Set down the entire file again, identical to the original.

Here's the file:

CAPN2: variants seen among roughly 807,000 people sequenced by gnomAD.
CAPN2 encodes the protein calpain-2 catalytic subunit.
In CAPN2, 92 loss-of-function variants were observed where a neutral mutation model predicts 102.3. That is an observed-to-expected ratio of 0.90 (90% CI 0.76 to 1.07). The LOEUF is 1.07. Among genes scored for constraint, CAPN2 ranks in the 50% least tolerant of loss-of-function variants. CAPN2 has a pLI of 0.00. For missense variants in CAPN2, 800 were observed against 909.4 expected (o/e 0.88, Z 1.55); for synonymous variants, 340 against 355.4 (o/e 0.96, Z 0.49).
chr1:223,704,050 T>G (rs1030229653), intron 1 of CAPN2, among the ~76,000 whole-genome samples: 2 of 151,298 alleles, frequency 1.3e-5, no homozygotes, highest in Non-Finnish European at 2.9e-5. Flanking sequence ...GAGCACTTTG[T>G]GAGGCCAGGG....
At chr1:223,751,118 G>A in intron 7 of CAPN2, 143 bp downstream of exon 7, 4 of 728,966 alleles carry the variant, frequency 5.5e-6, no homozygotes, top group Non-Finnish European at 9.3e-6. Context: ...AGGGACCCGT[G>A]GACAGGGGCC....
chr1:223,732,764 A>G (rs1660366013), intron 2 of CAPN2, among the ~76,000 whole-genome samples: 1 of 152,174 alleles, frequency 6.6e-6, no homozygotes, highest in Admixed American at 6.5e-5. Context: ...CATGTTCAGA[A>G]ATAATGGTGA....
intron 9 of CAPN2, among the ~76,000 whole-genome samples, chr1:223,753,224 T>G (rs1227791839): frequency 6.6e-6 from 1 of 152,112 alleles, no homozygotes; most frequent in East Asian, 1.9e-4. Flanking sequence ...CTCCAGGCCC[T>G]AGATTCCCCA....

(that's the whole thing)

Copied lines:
CAPN2: variants seen among roughly 807,000 people sequenced by gnomAD.
CAPN2 encodes the protein calpain-2 catalytic subunit.
In CAPN2, 92 loss-of-function variants were observed where a neutral mutation model predicts 102.3. That is an observed-to-expected ratio of 0.90 (90% CI 0.76 to 1.07). The LOEUF is 1.07. Among genes scored for constraint, CAPN2 ranks in the 50% least tolerant of loss-of-function variants. CAPN2 has a pLI of 0.00. For missense variants in CAPN2, 800 were observed against 909.4 expected (o/e 0.88, Z 1.55); for synonymous variants, 340 against 355.4 (o/e 0.96, Z 0.49).
chr1:223,704,050 T>G (rs1030229653), intron 1 of CAPN2, among the ~76,000 whole-genome samples: 2 of 151,298 alleles, frequency 1.3e-5, no homozygotes, highest in Non-Finnish European at 2.9e-5. Flanking sequence ...GAGCACTTTG[T>G]GAGGCCAGGG....
At chr1:223,751,118 G>A in intron 7 of CAPN2, 143 bp downstream of exon 7, 4 of 728,966 alleles carry the variant, frequency 5.5e-6, no homozygotes, top group Non-Finnish European at 9.3e-6. Context: ...AGGGACCCGT[G>A]GACAGGGGCC....
chr1:223,732,764 A>G (rs1660366013), intron 2 of CAPN2, among the ~76,000 whole-genome samples: 1 of 152,174 alleles, frequency 6.6e-6, no homozygotes, highest in Admixed American at 6.5e-5. Context: ...CATGTTCAGA[A>G]ATAATGGTGA....
intron 9 of CAPN2, among the ~76,000 whole-genome samples, chr1:223,753,224 T>G (rs1227791839): frequency 6.6e-6 from 1 of 152,112 alleles, no homozygotes; most frequent in East Asian, 1.9e-4. Flanking sequence ...CTCCAGGCCC[T>G]AGATTCCCCA....